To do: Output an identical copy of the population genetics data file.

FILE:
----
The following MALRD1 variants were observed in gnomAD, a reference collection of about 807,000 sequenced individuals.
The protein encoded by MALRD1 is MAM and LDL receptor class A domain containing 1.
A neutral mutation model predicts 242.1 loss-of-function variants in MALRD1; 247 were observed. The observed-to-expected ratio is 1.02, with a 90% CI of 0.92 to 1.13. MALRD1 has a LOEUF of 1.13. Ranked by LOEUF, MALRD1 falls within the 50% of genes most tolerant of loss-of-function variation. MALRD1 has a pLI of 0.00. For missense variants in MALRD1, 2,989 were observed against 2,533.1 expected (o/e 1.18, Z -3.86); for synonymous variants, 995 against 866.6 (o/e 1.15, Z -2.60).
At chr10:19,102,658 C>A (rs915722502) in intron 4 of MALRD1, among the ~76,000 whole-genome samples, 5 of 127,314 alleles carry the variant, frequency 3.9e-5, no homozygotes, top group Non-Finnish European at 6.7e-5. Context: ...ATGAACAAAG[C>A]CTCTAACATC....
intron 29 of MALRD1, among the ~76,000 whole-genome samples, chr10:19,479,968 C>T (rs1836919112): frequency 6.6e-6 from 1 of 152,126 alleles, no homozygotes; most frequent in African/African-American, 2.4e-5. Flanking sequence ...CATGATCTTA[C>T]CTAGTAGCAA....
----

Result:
The following MALRD1 variants were observed in gnomAD, a reference collection of about 807,000 sequenced individuals.
The protein encoded by MALRD1 is MAM and LDL receptor class A domain containing 1.
A neutral mutation model predicts 242.1 loss-of-function variants in MALRD1; 247 were observed. The observed-to-expected ratio is 1.02, with a 90% CI of 0.92 to 1.13. MALRD1 has a LOEUF of 1.13. Ranked by LOEUF, MALRD1 falls within the 50% of genes most tolerant of loss-of-function variation. MALRD1 has a pLI of 0.00. For missense variants in MALRD1, 2,989 were observed against 2,533.1 expected (o/e 1.18, Z -3.86); for synonymous variants, 995 against 866.6 (o/e 1.15, Z -2.60).
At chr10:19,102,658 C>A (rs915722502) in intron 4 of MALRD1, among the ~76,000 whole-genome samples, 5 of 127,314 alleles carry the variant, frequency 3.9e-5, no homozygotes, top group Non-Finnish European at 6.7e-5. Context: ...ATGAACAAAG[C>A]CTCTAACATC....
intron 29 of MALRD1, among the ~76,000 whole-genome samples, chr10:19,479,968 C>T (rs1836919112): frequency 6.6e-6 from 1 of 152,126 alleles, no homozygotes; most frequent in African/African-American, 2.4e-5. Flanking sequence ...CATGATCTTA[C>T]CTAGTAGCAA....